His hometown, Lancaster, did it. When shopping malls were siphoning businesses and traffic away from the city, business and community leaders created a campaign to bring them back.
Spencer suggested the BID, Chamber of Commerce and the Center of Lebanon Association collaborate on events downtown.
“Combine the car show with a makers’ festival and a music festival or something else to make it a real draw,” he said.
The goal should be to attract visitors for the weekend, not just an afternoon, he said.
In the beginning
Spencer, a multi-award winning chef, who worked for restaurant guru Stephen Starr at Tangerine in Philadelphia, bought Timeless because he was tired and wanted more out of life.
“The restaurant business is usually pretty demanding, as far as hours go,” he said. “I was hoping that with the cafe hours it would allow me more free time, more family time.”
Though he never expected his dream to be a cafe, he’s happy with his decision. It allowed him to break away from the grueling late-night hours, and return to what inspired him to be a chef when he chooses, and on his own terms.
“Not being open at night time lends itself to doing more specialty things,” he said, such as paring dinners and pop-up dinners on Saturday nights.
During his two years as chef at one of the city’s most popular downtown dinner spots, Spencer became aware of the cafe’s strong reputation established by former owners Pam Brightbill and Tess Wathen, who started the business in January, 2006.
“If it had a bad reputation I probably would have changed the name and changed everything about it,” Spencer said. “But it had a great following and reviews, so the only thing I wanted to do from there was put my style and my interest into it.”
His changes were subtle. The clock theme remains — there are several on the walls, none with the correct time — but Spencer’s appreciation for the outdoors and art is evident as well. Paintings by local artists, including one by his daughter, share wall space with Andrew Wyeth, Vincent van Gogh and Winslow Homer.
Spencer’s logo is a beehive, a nod to his beekeeping pursuits. He makes and sells his own honey, and his farm-to-table fare is mostly from nearby Barefoot Organics at Greystone Farm.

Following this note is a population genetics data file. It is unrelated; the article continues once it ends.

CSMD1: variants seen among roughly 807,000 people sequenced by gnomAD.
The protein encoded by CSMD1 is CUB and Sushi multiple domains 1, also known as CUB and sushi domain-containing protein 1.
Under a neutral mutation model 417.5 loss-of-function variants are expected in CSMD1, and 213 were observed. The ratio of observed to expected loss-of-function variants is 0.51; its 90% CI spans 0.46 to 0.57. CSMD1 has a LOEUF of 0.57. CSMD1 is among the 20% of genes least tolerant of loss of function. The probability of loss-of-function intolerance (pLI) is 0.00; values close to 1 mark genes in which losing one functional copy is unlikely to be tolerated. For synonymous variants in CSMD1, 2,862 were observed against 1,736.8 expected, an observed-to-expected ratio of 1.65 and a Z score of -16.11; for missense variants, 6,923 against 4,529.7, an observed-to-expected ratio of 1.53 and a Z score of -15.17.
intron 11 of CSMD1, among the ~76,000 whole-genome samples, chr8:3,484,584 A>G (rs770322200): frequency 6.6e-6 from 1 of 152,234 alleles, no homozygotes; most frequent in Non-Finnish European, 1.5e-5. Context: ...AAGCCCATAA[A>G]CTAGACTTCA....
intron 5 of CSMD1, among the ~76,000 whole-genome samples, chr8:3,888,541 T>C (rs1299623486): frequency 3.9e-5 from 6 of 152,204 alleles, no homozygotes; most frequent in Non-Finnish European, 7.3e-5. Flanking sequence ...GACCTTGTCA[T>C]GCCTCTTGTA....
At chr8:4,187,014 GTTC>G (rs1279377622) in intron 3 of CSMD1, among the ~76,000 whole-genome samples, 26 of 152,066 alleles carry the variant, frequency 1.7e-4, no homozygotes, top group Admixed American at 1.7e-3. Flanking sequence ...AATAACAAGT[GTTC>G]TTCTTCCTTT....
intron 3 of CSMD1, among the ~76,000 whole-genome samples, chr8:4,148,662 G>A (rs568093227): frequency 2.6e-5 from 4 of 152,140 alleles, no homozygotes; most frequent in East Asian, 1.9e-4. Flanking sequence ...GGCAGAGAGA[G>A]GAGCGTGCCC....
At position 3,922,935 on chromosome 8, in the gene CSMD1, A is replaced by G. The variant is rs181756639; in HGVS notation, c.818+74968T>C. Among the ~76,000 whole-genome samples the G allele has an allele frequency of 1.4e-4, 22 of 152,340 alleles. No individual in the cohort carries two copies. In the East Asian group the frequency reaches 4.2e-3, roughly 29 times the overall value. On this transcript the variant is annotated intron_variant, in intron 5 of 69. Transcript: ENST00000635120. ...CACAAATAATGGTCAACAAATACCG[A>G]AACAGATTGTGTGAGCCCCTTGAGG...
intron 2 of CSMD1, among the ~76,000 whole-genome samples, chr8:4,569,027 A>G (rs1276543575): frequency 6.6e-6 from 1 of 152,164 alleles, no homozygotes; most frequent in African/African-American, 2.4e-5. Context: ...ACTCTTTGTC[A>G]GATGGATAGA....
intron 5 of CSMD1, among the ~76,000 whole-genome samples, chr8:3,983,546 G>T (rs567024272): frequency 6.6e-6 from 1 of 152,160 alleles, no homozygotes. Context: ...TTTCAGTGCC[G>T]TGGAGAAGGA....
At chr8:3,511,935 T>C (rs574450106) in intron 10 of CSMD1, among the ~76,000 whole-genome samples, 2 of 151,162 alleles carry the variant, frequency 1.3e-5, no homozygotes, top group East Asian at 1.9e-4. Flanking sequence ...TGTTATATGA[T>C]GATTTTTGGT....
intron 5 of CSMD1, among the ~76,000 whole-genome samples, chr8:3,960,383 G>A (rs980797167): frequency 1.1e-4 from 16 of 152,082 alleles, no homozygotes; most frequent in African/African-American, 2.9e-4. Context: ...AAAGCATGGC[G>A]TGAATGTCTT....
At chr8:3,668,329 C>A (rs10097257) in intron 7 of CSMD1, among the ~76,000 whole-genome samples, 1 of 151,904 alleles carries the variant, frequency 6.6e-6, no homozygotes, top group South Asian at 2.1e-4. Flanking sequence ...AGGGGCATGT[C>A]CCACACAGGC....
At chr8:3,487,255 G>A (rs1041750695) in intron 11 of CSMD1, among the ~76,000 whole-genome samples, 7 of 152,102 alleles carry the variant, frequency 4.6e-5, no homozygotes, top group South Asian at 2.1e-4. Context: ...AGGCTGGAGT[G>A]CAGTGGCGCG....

“I was afraid to touch anything … because I didn’t want to lose the people that would come in here before,” he said.
And he didn’t.
Regular customers, some who have been coming since Brightbill and Wathen opened 12 years ago, returned and stayed.
Mary Kreitzer of North Cornwall Township, a regular along with her twin sister, Martha, was “devastated when it closed.” But now, she’s there several days a week.
“I was so glad when he reopened,” said Betty Arnold of Lebanon, who self-identifies as one of the cafe’s first customers.
“It’s like home to us,” added Lois Ostrander of North Cornwall Township.
Brightbill and Wathen were happy when Spencer offered to buy the business.
“He appreciated what we had invested and understood our philosophies,” Brightbill said via email. “Between that and his stellar reputation as an excellent chef, we were excited to see where he could take Timeless. His dinners are amazing and never fail to impress!”
Spencer built on that foundation, picking up fans of his own. Barbara and Ray Piazza of Ephrata come in on Tuesdays, often after riding their bikes on the Lebanon Valley Rail Trail.
“We enjoy going to coffee cafes that have a niche,” Ray said.
The couple listed several favorites around the region, including the Porch and Pantry in Mount Gretna.
Ray, a retired school teacher, and Barbara, a retired psychologist, praised the food, but said it is the cafe’s vibe that keeps them coming back.
“When you come into a place like this you get a different atmosphere,” Ray said, leaning back from his baked oatmeal. “There’s a lot of positive vibrations going all through this room.”
Thanks for reading LebTown!
Our stories are free to read thanks to the support of our members and advertisers.
Join LebTown this month as an annual member and you’ll reserve a mug of your own, plus all the usual benefits!
Learn more and join now here.